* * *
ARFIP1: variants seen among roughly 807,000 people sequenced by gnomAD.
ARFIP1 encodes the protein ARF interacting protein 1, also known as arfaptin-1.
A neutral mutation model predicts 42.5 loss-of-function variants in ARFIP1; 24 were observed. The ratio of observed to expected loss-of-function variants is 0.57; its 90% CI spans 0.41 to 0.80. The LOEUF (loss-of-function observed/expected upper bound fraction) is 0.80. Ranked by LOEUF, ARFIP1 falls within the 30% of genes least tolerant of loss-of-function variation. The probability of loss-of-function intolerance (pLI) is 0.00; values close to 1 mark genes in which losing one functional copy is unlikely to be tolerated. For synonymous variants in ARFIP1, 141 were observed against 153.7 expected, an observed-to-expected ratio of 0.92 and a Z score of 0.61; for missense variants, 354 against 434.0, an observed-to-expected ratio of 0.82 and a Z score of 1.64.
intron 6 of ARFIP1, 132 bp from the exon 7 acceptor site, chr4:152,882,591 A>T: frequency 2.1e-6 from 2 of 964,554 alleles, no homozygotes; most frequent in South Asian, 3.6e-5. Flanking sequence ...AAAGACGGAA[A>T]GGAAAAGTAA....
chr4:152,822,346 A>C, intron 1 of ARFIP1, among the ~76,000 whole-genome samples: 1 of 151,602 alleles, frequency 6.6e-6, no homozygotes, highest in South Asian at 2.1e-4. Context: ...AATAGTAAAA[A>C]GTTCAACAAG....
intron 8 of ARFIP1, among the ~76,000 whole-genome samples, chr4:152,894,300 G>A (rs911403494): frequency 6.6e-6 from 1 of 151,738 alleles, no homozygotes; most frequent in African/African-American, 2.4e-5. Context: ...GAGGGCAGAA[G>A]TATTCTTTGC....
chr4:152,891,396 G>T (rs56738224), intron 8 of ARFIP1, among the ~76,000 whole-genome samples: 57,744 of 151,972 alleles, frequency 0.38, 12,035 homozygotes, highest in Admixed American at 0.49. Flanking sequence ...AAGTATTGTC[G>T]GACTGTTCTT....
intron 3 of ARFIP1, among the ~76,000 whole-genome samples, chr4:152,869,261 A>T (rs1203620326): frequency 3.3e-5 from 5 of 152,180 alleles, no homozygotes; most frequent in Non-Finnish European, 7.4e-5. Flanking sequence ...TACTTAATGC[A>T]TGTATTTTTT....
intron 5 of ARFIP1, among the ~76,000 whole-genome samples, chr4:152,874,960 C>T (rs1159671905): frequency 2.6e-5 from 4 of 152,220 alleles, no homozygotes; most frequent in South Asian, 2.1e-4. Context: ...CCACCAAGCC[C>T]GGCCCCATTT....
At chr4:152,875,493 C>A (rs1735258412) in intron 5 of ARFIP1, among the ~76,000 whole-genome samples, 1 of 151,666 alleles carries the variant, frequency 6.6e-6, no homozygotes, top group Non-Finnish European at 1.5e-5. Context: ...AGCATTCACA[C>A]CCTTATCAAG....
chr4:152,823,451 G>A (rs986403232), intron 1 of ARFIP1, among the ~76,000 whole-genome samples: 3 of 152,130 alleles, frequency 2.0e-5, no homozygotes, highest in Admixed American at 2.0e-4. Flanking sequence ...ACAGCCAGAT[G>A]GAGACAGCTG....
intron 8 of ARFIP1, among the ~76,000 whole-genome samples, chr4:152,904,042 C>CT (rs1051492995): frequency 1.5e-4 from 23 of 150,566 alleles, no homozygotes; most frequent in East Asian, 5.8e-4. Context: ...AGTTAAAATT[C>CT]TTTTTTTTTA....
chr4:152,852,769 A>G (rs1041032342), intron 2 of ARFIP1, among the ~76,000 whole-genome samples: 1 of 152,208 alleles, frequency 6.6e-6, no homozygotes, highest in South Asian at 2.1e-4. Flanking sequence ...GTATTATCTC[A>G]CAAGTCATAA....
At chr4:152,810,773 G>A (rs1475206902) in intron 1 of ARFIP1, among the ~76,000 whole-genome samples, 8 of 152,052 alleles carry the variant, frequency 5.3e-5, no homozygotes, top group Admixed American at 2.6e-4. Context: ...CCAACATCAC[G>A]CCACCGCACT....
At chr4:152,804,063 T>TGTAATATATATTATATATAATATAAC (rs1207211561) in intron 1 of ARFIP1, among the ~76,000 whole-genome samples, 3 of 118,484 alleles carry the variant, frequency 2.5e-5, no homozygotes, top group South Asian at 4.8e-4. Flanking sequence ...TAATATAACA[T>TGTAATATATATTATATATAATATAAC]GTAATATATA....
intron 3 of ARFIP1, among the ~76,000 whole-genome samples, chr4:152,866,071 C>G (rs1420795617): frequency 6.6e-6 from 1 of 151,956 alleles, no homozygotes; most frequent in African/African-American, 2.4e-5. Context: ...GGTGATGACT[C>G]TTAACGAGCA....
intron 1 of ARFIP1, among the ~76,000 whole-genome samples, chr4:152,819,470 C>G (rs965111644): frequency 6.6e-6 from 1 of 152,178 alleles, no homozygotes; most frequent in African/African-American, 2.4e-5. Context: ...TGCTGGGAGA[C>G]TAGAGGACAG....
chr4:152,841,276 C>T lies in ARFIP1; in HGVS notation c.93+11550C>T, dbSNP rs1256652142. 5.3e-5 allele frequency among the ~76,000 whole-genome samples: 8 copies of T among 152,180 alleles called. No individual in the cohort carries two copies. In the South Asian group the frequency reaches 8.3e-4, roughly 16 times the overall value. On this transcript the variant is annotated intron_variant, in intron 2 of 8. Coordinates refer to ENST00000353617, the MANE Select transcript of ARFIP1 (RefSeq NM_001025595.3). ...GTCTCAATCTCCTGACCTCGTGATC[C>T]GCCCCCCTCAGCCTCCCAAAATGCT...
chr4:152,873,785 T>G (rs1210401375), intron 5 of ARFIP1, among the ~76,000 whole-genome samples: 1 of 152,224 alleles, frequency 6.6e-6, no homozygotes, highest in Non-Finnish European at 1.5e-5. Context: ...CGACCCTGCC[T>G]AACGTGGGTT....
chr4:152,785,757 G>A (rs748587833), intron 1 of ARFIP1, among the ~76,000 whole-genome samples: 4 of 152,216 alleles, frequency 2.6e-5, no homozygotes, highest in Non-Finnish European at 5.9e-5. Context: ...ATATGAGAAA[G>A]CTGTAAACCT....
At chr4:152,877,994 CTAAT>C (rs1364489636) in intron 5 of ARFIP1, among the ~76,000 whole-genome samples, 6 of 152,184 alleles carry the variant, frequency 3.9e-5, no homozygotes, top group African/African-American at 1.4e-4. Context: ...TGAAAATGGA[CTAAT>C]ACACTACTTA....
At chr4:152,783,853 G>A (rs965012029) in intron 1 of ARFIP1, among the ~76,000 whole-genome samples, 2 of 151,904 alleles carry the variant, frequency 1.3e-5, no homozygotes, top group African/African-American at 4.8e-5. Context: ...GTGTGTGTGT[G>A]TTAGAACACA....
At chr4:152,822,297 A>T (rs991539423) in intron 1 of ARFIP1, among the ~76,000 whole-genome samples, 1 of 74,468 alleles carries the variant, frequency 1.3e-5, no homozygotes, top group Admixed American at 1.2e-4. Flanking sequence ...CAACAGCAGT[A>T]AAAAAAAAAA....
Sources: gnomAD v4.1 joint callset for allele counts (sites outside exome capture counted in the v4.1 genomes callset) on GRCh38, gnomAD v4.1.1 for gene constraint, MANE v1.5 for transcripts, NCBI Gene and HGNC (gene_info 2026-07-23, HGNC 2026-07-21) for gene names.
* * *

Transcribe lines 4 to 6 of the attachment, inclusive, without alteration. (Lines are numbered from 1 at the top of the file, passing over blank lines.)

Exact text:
intron 6 of ARFIP1, 132 bp from the exon 7 acceptor site, chr4:152,882,591 A>T: frequency 2.1e-6 from 2 of 964,554 alleles, no homozygotes; most frequent in South Asian, 3.6e-5. Flanking sequence ...AAAGACGGAA[A>T]GGAAAAGTAA....
chr4:152,822,346 A>C, intron 1 of ARFIP1, among the ~76,000 whole-genome samples: 1 of 151,602 alleles, frequency 6.6e-6, no homozygotes, highest in South Asian at 2.1e-4. Context: ...AATAGTAAAA[A>C]GTTCAACAAG....
intron 8 of ARFIP1, among the ~76,000 whole-genome samples, chr4:152,894,300 G>A (rs911403494): frequency 6.6e-6 from 1 of 151,738 alleles, no homozygotes; most frequent in African/African-American, 2.4e-5. Context: ...GAGGGCAGAA[G>A]TATTCTTTGC....